Milwaukee Iron MC remembers missing people and victims of violence

·6 min read

Jun. 26—The Milwaukee Iron Motorcycle Club in Kokomo hosted its seventh annual Keeping Their Memory Alive fundraiser on Saturday to raise money and awareness for local missing person cases and unsolved murders.

"Our hearts go out to these kind of things," Milwaukee Iron member Bill "Scratch" Pelfree said. "It's not about just raising the money. It's about raising awareness. That's why we try to make this as big as we can to get the public involved because the more people you have who are aware, the better the chances we're going to find people."

The fundraiser this year included drinks, street tacos from the El Rancho food truck, a bounce house, and of course a motorcycle ride.

Local bands Swag Daddy and That's How We Roll also donated their time to perform and provide music for the event.

The cause is particularly close to Pelfree's heart because he knows what it feels like to search for a loved one and wonder for years what happened to them.

In November 2009, Pelfree's sister Esther Westenbarger went missing after leaving a local bar. Police were unable to locate Westenbarger or her vehicle.

Pelfree and his family searched and wondered what happened to Westenbarger for over 10 years. Then, in 2020, two boys fishing in a pond reported seeing a car at the bottom. The car was identified as Westenbarger's and her remains were found inside.

"So many people don't want to get involved if it doesn't pertain to them," Pelfree said. "We found this out the hard way by our sister being gone. It touched my heart and I thought, we've got to help these people."

All donations from the event benefit Community United Effort (CUE) Center for Missing Persons. CUE does not receive any money from federal or local governments, so all the organization's funding comes from donations, fundraisers, and occasional grants.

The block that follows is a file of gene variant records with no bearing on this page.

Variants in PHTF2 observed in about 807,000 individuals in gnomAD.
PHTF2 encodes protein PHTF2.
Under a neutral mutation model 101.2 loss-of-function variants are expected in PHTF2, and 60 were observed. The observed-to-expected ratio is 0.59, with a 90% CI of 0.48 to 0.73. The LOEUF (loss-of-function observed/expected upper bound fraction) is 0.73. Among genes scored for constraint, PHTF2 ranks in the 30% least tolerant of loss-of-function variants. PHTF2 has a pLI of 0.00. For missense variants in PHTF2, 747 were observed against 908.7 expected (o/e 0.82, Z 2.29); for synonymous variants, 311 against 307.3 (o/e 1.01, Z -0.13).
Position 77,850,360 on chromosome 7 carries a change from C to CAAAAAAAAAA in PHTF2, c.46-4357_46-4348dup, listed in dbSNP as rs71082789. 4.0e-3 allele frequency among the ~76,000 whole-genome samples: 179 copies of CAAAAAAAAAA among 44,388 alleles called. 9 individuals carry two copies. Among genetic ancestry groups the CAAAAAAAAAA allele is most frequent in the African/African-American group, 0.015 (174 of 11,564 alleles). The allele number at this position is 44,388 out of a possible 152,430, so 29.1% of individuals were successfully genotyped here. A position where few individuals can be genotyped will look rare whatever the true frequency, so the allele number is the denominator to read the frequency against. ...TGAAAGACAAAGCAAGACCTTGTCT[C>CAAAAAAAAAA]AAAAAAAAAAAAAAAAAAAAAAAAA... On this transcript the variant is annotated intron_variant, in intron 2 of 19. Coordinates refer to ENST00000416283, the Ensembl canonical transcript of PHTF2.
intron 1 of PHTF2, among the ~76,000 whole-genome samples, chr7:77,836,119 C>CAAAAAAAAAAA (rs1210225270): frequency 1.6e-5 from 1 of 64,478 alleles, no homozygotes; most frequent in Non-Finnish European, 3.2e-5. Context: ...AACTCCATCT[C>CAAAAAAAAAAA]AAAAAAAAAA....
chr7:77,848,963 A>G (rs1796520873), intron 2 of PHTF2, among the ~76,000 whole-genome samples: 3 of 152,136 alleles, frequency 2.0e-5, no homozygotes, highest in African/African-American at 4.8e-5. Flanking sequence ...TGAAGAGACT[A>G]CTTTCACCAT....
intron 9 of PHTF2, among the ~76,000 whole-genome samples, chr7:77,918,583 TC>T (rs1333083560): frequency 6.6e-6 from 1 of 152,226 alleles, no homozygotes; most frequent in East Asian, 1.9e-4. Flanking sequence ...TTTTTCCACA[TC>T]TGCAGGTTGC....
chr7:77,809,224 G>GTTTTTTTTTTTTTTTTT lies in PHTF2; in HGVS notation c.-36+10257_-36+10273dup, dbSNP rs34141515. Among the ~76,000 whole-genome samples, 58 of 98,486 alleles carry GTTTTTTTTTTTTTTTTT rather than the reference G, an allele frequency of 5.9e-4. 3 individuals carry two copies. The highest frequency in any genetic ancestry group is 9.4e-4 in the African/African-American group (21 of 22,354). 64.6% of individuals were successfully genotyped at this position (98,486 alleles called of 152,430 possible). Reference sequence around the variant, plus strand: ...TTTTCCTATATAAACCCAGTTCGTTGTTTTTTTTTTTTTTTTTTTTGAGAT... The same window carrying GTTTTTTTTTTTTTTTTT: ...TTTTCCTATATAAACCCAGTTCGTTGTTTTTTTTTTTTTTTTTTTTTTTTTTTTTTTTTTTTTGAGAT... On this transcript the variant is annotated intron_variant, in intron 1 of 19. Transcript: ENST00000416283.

CUE is a national nonprofit organization that exists to help missing people and their families. The missing person's family must ask CUE for help in order for the organization to take a case.

Once CUE accepts a missing person case, they reach out to law enforcement and gather information that might give insight into where the missing person might be. The volunteers often conduct and offer to help with searches, raise awareness about the missing person, and have trained K-9s that can look for the missing person.

"Our primary focus is to put together a profile so that we can actually have a physical search for the missing person," said Julia Wise, Indiana CUE state director, K-9 handler, and case worker. "Typically, the people that we're looking for have been gone for a while."

CUE is often utilized by families who feel like they have run out of other options. Wise said that people tend to reach out after police reach an impasse or a family feels like their missing person case is not being taken seriously.

Wise said one of the biggest hurdles when reporting a missing person is getting people to take action quickly. She said many police departments wait 24 hours to begin searching for a missing person to ensure the person is actually missing, but that waiting period can waste valuable time.

"It's not actually a crime if someone's missing," she pointed out. "It's a niche that has not been addressed."

CUE's services are completely free. The money from donations helps pay for searches, K-9 training, hotels and gas for volunteers who travel to help with searches, and certifications and training for the volunteers.